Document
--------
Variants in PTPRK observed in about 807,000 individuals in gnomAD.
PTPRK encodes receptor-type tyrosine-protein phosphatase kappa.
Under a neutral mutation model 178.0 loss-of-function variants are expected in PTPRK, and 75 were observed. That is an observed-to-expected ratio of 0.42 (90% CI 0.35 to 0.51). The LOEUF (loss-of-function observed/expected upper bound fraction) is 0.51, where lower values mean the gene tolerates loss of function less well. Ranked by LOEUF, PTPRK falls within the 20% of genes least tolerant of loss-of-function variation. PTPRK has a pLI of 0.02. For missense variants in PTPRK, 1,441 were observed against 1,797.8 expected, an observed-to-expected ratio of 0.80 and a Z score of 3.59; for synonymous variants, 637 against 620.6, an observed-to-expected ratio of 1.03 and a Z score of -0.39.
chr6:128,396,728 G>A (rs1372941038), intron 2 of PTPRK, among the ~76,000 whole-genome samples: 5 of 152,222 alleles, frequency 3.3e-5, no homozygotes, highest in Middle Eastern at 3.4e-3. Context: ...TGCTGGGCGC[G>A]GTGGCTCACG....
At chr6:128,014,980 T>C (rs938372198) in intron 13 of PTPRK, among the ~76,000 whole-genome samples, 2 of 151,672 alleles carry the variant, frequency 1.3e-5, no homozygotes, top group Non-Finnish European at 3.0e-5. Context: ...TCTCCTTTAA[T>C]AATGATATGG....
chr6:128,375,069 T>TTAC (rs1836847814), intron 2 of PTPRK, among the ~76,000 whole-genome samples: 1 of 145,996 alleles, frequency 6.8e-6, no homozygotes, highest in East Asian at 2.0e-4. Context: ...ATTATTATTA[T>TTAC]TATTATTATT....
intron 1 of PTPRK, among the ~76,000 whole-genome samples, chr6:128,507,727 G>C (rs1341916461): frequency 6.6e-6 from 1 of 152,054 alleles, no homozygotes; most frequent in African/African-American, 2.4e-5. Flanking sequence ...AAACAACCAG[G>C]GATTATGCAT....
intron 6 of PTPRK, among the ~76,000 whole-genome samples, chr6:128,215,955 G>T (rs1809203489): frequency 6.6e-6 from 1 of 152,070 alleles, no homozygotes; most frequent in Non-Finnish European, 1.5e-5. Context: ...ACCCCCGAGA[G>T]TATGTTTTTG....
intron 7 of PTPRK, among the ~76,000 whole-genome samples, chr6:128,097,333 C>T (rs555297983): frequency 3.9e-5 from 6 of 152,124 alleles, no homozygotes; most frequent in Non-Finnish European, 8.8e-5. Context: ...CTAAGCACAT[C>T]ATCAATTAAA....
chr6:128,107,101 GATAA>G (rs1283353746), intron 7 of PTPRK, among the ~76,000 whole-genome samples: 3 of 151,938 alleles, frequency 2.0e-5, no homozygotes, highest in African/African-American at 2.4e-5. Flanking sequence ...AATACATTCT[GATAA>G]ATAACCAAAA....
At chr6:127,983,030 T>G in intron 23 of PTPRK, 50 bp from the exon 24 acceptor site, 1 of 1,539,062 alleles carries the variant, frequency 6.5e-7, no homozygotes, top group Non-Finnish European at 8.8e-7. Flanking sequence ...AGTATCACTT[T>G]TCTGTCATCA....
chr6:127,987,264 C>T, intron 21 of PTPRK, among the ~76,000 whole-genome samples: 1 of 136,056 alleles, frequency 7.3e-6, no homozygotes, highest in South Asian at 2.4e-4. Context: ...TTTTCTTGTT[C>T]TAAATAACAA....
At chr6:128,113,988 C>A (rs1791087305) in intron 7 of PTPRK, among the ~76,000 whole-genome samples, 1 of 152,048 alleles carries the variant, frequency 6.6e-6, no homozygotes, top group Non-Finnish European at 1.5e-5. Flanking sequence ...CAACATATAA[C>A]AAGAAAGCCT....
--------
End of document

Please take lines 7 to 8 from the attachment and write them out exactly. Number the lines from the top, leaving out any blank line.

intron 1 of PTPRK, among the ~76,000 whole-genome samples, chr6:128,507,727 G>C (rs1341916461): frequency 6.6e-6 from 1 of 152,054 alleles, no homozygotes; most frequent in African/African-American, 2.4e-5. Flanking sequence ...AAACAACCAG[G>C]GATTATGCAT....
intron 6 of PTPRK, among the ~76,000 whole-genome samples, chr6:128,215,955 G>T (rs1809203489): frequency 6.6e-6 from 1 of 152,070 alleles, no homozygotes; most frequent in Non-Finnish European, 1.5e-5. Context: ...ACCCCCGAGA[G>T]TATGTTTTTG....